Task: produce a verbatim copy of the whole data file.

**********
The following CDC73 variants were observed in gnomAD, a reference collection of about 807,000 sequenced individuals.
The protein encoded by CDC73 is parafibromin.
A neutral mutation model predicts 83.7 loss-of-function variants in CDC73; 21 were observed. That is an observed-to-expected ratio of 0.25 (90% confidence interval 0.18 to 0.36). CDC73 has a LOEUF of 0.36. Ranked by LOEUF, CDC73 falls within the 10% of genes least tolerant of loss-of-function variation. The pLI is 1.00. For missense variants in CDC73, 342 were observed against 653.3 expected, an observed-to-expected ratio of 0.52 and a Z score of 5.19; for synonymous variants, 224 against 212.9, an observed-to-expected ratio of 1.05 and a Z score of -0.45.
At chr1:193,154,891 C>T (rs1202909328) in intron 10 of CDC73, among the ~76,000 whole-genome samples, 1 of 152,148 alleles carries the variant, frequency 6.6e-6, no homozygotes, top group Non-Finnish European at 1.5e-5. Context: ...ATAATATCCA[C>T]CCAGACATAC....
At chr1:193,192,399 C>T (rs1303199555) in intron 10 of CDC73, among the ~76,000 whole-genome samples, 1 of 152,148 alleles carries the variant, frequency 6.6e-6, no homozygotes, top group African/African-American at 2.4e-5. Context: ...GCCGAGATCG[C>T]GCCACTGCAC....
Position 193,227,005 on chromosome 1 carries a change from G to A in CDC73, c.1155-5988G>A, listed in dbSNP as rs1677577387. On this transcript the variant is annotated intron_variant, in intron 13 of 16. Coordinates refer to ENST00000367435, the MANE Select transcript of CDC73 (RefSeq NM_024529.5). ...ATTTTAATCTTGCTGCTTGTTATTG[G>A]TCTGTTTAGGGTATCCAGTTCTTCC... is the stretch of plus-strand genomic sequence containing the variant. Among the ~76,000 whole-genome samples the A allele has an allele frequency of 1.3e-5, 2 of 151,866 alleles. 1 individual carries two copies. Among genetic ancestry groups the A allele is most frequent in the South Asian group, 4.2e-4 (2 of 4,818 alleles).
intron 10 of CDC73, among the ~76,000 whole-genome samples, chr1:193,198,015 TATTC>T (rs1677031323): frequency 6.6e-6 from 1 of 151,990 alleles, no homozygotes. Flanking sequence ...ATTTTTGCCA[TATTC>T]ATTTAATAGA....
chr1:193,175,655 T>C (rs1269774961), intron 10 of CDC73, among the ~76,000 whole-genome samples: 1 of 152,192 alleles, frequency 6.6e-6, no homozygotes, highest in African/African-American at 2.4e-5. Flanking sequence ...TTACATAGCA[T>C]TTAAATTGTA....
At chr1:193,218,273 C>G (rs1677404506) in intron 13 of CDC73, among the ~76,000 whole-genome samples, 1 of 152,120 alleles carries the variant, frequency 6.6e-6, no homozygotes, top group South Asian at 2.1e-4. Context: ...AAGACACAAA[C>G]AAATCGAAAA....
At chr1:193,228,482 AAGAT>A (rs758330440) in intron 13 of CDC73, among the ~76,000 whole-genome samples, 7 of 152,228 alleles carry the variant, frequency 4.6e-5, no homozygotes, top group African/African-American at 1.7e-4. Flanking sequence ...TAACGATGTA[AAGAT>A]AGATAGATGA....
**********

The following CDC73 variants were observed in gnomAD, a reference collection of about 807,000 sequenced individuals.
The protein encoded by CDC73 is parafibromin.
A neutral mutation model predicts 83.7 loss-of-function variants in CDC73; 21 were observed. That is an observed-to-expected ratio of 0.25 (90% confidence interval 0.18 to 0.36). CDC73 has a LOEUF of 0.36. Ranked by LOEUF, CDC73 falls within the 10% of genes least tolerant of loss-of-function variation. The pLI is 1.00. For missense variants in CDC73, 342 were observed against 653.3 expected, an observed-to-expected ratio of 0.52 and a Z score of 5.19; for synonymous variants, 224 against 212.9, an observed-to-expected ratio of 1.05 and a Z score of -0.45.
At chr1:193,154,891 C>T (rs1202909328) in intron 10 of CDC73, among the ~76,000 whole-genome samples, 1 of 152,148 alleles carries the variant, frequency 6.6e-6, no homozygotes, top group Non-Finnish European at 1.5e-5. Context: ...ATAATATCCA[C>T]CCAGACATAC....
At chr1:193,192,399 C>T (rs1303199555) in intron 10 of CDC73, among the ~76,000 whole-genome samples, 1 of 152,148 alleles carries the variant, frequency 6.6e-6, no homozygotes, top group African/African-American at 2.4e-5. Context: ...GCCGAGATCG[C>T]GCCACTGCAC....
Position 193,227,005 on chromosome 1 carries a change from G to A in CDC73, c.1155-5988G>A, listed in dbSNP as rs1677577387. On this transcript the variant is annotated intron_variant, in intron 13 of 16. Coordinates refer to ENST00000367435, the MANE Select transcript of CDC73 (RefSeq NM_024529.5). ...ATTTTAATCTTGCTGCTTGTTATTG[G>A]TCTGTTTAGGGTATCCAGTTCTTCC... is the stretch of plus-strand genomic sequence containing the variant. Among the ~76,000 whole-genome samples the A allele has an allele frequency of 1.3e-5, 2 of 151,866 alleles. 1 individual carries two copies. Among genetic ancestry groups the A allele is most frequent in the South Asian group, 4.2e-4 (2 of 4,818 alleles).
intron 10 of CDC73, among the ~76,000 whole-genome samples, chr1:193,198,015 TATTC>T (rs1677031323): frequency 6.6e-6 from 1 of 151,990 alleles, no homozygotes. Flanking sequence ...ATTTTTGCCA[TATTC>T]ATTTAATAGA....
chr1:193,175,655 T>C (rs1269774961), intron 10 of CDC73, among the ~76,000 whole-genome samples: 1 of 152,192 alleles, frequency 6.6e-6, no homozygotes, highest in African/African-American at 2.4e-5. Flanking sequence ...TTACATAGCA[T>C]TTAAATTGTA....
At chr1:193,218,273 C>G (rs1677404506) in intron 13 of CDC73, among the ~76,000 whole-genome samples, 1 of 152,120 alleles carries the variant, frequency 6.6e-6, no homozygotes, top group South Asian at 2.1e-4. Context: ...AAGACACAAA[C>G]AAATCGAAAA....
At chr1:193,228,482 AAGAT>A (rs758330440) in intron 13 of CDC73, among the ~76,000 whole-genome samples, 7 of 152,228 alleles carry the variant, frequency 4.6e-5, no homozygotes, top group African/African-American at 1.7e-4. Flanking sequence ...TAACGATGTA[AAGAT>A]AGATAGATGA....